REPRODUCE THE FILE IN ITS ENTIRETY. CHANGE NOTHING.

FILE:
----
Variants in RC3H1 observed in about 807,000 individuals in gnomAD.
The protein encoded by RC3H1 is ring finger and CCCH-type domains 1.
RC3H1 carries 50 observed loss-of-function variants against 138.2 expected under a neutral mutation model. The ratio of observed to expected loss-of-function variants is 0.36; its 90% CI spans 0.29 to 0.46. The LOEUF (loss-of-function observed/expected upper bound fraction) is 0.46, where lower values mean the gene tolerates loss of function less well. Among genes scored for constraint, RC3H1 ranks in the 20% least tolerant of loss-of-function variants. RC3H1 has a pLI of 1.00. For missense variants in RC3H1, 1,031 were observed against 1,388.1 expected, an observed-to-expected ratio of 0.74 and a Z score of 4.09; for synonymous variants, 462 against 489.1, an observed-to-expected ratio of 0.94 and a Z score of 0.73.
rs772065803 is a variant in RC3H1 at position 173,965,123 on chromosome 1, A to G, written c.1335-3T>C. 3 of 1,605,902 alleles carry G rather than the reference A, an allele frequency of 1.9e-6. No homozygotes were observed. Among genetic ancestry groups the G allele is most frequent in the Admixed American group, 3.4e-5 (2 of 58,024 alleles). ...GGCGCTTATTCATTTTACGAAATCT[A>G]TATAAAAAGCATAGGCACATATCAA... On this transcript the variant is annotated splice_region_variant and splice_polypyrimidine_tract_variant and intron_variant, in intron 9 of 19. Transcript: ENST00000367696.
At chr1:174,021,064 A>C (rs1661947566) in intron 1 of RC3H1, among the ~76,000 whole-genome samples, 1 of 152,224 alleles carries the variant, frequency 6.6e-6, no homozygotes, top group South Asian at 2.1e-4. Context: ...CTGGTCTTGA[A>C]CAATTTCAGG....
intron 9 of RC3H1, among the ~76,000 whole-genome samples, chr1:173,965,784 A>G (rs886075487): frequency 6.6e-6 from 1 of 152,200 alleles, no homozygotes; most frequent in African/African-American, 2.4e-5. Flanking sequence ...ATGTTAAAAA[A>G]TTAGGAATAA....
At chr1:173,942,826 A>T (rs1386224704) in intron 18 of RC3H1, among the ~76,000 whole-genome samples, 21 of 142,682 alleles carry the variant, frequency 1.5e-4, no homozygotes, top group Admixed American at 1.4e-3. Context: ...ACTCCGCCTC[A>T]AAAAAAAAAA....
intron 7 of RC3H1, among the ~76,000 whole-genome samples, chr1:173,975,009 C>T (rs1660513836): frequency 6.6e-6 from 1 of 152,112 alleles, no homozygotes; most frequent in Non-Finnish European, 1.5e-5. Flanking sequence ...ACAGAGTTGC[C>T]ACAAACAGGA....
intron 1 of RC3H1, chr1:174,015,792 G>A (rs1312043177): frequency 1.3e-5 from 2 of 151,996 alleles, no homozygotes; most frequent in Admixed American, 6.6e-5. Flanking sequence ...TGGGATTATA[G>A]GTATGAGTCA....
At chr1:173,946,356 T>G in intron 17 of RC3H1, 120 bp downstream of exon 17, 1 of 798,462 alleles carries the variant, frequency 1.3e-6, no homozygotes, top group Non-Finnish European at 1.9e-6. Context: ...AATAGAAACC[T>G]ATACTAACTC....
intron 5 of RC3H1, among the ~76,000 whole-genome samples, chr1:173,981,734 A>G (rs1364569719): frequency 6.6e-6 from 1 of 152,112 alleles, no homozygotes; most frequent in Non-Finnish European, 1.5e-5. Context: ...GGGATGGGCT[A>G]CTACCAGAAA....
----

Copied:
Variants in RC3H1 observed in about 807,000 individuals in gnomAD.
The protein encoded by RC3H1 is ring finger and CCCH-type domains 1.
RC3H1 carries 50 observed loss-of-function variants against 138.2 expected under a neutral mutation model. The ratio of observed to expected loss-of-function variants is 0.36; its 90% CI spans 0.29 to 0.46. The LOEUF (loss-of-function observed/expected upper bound fraction) is 0.46, where lower values mean the gene tolerates loss of function less well. Among genes scored for constraint, RC3H1 ranks in the 20% least tolerant of loss-of-function variants. RC3H1 has a pLI of 1.00. For missense variants in RC3H1, 1,031 were observed against 1,388.1 expected, an observed-to-expected ratio of 0.74 and a Z score of 4.09; for synonymous variants, 462 against 489.1, an observed-to-expected ratio of 0.94 and a Z score of 0.73.
rs772065803 is a variant in RC3H1 at position 173,965,123 on chromosome 1, A to G, written c.1335-3T>C. 3 of 1,605,902 alleles carry G rather than the reference A, an allele frequency of 1.9e-6. No homozygotes were observed. Among genetic ancestry groups the G allele is most frequent in the Admixed American group, 3.4e-5 (2 of 58,024 alleles). ...GGCGCTTATTCATTTTACGAAATCT[A>G]TATAAAAAGCATAGGCACATATCAA... On this transcript the variant is annotated splice_region_variant and splice_polypyrimidine_tract_variant and intron_variant, in intron 9 of 19. Transcript: ENST00000367696.
At chr1:174,021,064 A>C (rs1661947566) in intron 1 of RC3H1, among the ~76,000 whole-genome samples, 1 of 152,224 alleles carries the variant, frequency 6.6e-6, no homozygotes, top group South Asian at 2.1e-4. Context: ...CTGGTCTTGA[A>C]CAATTTCAGG....
intron 9 of RC3H1, among the ~76,000 whole-genome samples, chr1:173,965,784 A>G (rs886075487): frequency 6.6e-6 from 1 of 152,200 alleles, no homozygotes; most frequent in African/African-American, 2.4e-5. Flanking sequence ...ATGTTAAAAA[A>G]TTAGGAATAA....
At chr1:173,942,826 A>T (rs1386224704) in intron 18 of RC3H1, among the ~76,000 whole-genome samples, 21 of 142,682 alleles carry the variant, frequency 1.5e-4, no homozygotes, top group Admixed American at 1.4e-3. Context: ...ACTCCGCCTC[A>T]AAAAAAAAAA....
intron 7 of RC3H1, among the ~76,000 whole-genome samples, chr1:173,975,009 C>T (rs1660513836): frequency 6.6e-6 from 1 of 152,112 alleles, no homozygotes; most frequent in Non-Finnish European, 1.5e-5. Flanking sequence ...ACAGAGTTGC[C>T]ACAAACAGGA....
intron 1 of RC3H1, chr1:174,015,792 G>A (rs1312043177): frequency 1.3e-5 from 2 of 151,996 alleles, no homozygotes; most frequent in Admixed American, 6.6e-5. Flanking sequence ...TGGGATTATA[G>A]GTATGAGTCA....
At chr1:173,946,356 T>G in intron 17 of RC3H1, 120 bp downstream of exon 17, 1 of 798,462 alleles carries the variant, frequency 1.3e-6, no homozygotes, top group Non-Finnish European at 1.9e-6. Context: ...AATAGAAACC[T>G]ATACTAACTC....
intron 5 of RC3H1, among the ~76,000 whole-genome samples, chr1:173,981,734 A>G (rs1364569719): frequency 6.6e-6 from 1 of 152,112 alleles, no homozygotes; most frequent in Non-Finnish European, 1.5e-5. Context: ...GGGATGGGCT[A>G]CTACCAGAAA....